GEORGE Osborne yesterday said the Conservative party would not raise taxes if the party wins the 2015 general election, setting the tone for the forthcoming contest.
Even though any future government will still be struggling to cut the annual deficit, the chancellor indicated that the welfare budget would be cut to meet his target of reducing spending by £23bn during 2017 and 2018.
“The further consolidation after 2015-16 is built into the tables as a spending reduction,” Osborne told MPs yesterday. “I am clear that tax increases are not required to achieve this. It can be achieved with spending reductions.”
He also claimed Labour would not make a similar commitment: “I’m not sure whether they would do big tax increases. I suspect they would, but that is for them to explain.”
Labour said the only reason the deficit will still exist after 2015 is because Osborne’s growth policies have failed.
Osborne has traditionally sought to cut the deficit with 80 per cent spending cuts and 20 per cent tax rises, such as increases to VAT.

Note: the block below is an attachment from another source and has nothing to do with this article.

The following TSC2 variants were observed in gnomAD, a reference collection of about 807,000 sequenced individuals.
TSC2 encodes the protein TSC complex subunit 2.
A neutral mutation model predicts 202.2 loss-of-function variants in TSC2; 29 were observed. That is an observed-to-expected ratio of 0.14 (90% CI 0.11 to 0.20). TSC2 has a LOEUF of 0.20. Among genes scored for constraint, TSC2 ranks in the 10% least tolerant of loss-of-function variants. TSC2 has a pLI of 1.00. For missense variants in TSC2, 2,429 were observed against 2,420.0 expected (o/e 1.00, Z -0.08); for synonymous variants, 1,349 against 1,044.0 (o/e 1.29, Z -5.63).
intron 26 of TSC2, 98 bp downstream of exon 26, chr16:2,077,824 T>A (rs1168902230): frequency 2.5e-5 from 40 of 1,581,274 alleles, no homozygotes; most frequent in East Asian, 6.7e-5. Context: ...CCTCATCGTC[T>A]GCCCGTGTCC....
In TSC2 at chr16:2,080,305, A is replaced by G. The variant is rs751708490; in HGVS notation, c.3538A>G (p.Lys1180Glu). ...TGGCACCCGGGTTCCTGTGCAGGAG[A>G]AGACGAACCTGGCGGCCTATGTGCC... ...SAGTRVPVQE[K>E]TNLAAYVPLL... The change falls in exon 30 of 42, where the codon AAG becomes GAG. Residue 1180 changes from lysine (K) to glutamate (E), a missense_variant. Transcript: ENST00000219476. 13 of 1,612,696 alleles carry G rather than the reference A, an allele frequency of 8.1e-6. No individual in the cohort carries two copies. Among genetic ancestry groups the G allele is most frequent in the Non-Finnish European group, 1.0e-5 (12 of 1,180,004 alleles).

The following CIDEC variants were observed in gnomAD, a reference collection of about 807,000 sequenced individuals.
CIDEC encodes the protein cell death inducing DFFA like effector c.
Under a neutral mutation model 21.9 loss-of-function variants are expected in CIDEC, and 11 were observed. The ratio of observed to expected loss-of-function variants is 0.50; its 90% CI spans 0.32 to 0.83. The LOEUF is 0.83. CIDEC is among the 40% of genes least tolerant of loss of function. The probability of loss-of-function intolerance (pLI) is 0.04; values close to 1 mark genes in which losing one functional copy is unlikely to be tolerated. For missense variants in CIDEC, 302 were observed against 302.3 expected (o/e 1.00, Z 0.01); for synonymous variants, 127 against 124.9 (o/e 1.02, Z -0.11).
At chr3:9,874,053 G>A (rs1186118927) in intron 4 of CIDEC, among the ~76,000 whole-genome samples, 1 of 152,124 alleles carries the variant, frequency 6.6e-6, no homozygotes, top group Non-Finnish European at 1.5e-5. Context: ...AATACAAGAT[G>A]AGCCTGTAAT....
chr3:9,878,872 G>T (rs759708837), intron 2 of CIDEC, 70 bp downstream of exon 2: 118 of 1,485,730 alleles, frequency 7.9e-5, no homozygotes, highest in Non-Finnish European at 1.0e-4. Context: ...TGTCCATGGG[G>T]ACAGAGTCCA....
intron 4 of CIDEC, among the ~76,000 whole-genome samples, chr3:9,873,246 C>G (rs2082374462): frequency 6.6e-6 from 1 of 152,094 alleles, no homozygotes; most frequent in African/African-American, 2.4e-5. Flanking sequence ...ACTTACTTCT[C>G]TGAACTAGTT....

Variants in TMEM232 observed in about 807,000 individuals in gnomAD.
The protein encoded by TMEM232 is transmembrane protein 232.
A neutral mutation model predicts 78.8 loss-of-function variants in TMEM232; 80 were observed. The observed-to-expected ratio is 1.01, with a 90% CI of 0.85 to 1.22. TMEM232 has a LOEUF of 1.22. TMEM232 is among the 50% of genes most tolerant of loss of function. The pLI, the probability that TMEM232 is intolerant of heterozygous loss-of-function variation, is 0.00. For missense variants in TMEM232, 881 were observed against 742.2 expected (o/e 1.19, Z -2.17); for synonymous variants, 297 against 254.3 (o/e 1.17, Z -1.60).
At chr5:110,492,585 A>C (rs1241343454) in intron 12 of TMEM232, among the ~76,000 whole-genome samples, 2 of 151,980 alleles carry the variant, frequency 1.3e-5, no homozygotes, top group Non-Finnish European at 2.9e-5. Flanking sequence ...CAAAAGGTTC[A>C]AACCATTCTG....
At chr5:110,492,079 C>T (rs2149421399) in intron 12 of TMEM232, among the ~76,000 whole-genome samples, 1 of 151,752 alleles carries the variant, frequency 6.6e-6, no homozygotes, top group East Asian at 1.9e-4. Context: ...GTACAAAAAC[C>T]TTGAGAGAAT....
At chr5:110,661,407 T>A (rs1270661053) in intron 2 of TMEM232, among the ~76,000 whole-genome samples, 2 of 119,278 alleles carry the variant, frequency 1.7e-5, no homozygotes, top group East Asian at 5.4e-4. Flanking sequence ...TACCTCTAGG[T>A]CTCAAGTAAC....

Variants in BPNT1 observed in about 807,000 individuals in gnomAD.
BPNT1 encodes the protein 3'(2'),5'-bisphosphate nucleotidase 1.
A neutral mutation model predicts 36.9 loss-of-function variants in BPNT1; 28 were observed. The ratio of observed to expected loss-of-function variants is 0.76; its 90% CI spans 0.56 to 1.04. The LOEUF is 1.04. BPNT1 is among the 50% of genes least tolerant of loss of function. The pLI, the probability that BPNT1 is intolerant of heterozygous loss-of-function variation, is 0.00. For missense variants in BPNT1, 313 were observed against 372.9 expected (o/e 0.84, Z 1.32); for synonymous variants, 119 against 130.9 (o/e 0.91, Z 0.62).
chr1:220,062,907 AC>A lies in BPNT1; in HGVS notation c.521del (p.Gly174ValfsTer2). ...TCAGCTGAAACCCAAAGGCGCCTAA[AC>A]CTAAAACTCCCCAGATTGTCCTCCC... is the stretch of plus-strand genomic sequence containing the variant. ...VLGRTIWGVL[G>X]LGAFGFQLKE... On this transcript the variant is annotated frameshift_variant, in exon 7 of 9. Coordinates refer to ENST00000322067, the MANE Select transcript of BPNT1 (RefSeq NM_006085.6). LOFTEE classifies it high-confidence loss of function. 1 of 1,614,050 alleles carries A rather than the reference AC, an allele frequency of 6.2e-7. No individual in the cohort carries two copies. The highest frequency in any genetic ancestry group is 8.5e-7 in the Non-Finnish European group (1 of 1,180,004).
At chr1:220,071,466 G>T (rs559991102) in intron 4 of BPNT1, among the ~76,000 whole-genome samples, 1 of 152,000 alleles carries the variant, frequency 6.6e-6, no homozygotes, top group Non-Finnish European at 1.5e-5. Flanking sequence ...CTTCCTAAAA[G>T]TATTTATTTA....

Last month the Institute for Fiscal Studies suggested that if Osborne sticks to this model he would have to raise taxes by £6bn a year to meet deficit reduction targets. But following yesterday’s intervention the burden could now fall on benefits and Whitehall departments.
Osborne also told journalists at a press lunch that he would announce a tax break for married couples in the Autumn Statement, usually held in the final two months of the year.
The move, designed to please Tory backbenchers, is likely to be worth around £150 to couples where one partner either does not work or receives very low wages.